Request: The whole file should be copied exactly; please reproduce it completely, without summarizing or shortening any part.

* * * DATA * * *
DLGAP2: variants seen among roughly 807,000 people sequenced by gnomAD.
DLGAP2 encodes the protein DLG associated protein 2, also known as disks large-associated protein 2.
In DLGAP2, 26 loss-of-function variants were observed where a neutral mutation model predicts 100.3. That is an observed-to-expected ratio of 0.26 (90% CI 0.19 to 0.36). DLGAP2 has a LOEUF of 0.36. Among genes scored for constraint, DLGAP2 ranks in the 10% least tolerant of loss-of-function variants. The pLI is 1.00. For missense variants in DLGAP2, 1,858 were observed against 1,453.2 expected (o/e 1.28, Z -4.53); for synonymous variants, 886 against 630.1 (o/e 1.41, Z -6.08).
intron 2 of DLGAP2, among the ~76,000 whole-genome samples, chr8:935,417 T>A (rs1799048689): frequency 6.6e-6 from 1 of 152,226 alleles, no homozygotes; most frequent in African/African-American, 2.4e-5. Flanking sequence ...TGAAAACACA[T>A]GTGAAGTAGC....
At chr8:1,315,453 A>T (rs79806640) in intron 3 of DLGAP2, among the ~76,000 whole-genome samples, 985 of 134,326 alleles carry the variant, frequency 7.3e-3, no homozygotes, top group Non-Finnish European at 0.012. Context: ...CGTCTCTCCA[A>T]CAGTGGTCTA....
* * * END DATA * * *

DLGAP2: variants seen among roughly 807,000 people sequenced by gnomAD.
DLGAP2 encodes the protein DLG associated protein 2, also known as disks large-associated protein 2.
In DLGAP2, 26 loss-of-function variants were observed where a neutral mutation model predicts 100.3. That is an observed-to-expected ratio of 0.26 (90% CI 0.19 to 0.36). DLGAP2 has a LOEUF of 0.36. Among genes scored for constraint, DLGAP2 ranks in the 10% least tolerant of loss-of-function variants. The pLI is 1.00. For missense variants in DLGAP2, 1,858 were observed against 1,453.2 expected (o/e 1.28, Z -4.53); for synonymous variants, 886 against 630.1 (o/e 1.41, Z -6.08).
intron 2 of DLGAP2, among the ~76,000 whole-genome samples, chr8:935,417 T>A (rs1799048689): frequency 6.6e-6 from 1 of 152,226 alleles, no homozygotes; most frequent in African/African-American, 2.4e-5. Flanking sequence ...TGAAAACACA[T>A]GTGAAGTAGC....
At chr8:1,315,453 A>T (rs79806640) in intron 3 of DLGAP2, among the ~76,000 whole-genome samples, 985 of 134,326 alleles carry the variant, frequency 7.3e-3, no homozygotes, top group Non-Finnish European at 0.012. Context: ...CGTCTCTCCA[A>T]CAGTGGTCTA....